Workers World, November 21, 2007
By Steven Ceci
Washington, D.C. Thousands of people from around the country came to Washington, D.C., on Nov. 16 and marched to demand an end to police brutality, racial profiling and hate crimes. The call for the March to Justice came from Rev. Al Sharpton’s National Action Network.
Organizers said that more than 100 buses came from as far away as Florida and Michigan for the march, which was on a workday. The marchers circled the huge Justice Department building.
One focus of the march was the case of the Jena Six—six Black youth from Jena, La. After a noose was hung from a tree at the local high school, the six were charged with attempted murder for a schoolyard fight in which they stood up against racist terror. One, Mychal Bell, is still in prison despite a nationwide campaign around the case.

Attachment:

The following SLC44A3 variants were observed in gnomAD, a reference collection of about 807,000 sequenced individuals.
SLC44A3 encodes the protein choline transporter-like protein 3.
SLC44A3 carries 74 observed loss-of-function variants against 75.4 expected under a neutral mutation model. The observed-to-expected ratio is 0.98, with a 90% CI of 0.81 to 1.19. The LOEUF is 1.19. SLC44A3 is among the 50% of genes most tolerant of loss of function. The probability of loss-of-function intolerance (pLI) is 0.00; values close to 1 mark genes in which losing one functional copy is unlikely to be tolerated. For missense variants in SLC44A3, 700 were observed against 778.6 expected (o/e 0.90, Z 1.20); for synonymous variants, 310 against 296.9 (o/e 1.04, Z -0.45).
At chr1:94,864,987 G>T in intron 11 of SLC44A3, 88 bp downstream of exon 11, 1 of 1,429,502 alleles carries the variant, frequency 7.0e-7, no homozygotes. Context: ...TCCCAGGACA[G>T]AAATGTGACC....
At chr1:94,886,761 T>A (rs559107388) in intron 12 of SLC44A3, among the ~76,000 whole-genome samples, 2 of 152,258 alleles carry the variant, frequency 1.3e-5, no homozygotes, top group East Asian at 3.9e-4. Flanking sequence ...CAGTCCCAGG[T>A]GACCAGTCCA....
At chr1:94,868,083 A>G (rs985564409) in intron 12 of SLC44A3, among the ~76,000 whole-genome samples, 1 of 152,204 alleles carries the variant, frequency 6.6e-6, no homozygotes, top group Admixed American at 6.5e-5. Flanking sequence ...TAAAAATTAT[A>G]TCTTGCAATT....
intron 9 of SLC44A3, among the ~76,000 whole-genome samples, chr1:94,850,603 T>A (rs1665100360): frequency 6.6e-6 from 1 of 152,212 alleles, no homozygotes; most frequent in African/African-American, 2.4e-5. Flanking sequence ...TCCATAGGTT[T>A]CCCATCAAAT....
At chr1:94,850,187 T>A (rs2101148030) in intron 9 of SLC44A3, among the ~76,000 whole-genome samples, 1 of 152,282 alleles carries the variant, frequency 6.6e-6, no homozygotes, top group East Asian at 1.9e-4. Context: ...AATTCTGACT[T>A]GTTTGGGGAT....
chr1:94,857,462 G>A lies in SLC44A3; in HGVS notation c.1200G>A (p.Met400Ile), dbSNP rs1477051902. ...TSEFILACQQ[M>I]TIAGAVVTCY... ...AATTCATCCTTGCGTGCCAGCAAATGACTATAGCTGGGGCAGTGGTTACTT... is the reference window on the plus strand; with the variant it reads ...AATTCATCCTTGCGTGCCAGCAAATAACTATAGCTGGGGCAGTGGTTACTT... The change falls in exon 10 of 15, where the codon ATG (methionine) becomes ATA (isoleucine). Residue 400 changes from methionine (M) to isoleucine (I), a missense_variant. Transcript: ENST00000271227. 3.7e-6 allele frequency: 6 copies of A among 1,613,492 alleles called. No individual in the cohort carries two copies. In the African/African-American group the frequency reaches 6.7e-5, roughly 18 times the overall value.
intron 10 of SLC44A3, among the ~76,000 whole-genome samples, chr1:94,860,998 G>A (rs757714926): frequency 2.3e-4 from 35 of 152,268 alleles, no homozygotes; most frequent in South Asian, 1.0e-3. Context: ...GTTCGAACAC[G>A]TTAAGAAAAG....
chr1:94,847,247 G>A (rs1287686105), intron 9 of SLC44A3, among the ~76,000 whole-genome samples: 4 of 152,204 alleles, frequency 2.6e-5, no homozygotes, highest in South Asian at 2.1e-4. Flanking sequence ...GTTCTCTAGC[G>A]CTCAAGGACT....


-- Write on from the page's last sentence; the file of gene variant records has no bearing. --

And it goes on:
Several marchers cited the death earlier this week in Brooklyn of 18-year-old Khiel Coppin in a barrage of police bullets. “We’re tired of Black people being targets for the police,” said Page Sterling, 71, a marcher from Richmond, Va.
Speakers at the rally included Rep. Sheila Jackson Lee, Rev. Martin Luther King III and Rev. Al Sharpton. Rev. Lennox Yearwood of the Hip Hop Caucus linked the struggle against racism to the struggle against the war in Iraq.
Marchers chanted “No justice, no peace—What do we want? Justice. When do we want it? Now!” The march was very spirited and militant. Many marchers said they will be back and that the struggle against racism is growing into a new civil rights movement.
The march was organized in three weeks and the turnout was due in large part to announcements by Black radio disc jockeys such as Tom Joyner, Steve Harvey and Michael Baisden, all of whom have syndicated radio shows. This was similar to the way in which large sections of the immigrant population were mobilized to turn out in huge numbers for a march for immigrant rights in 2005.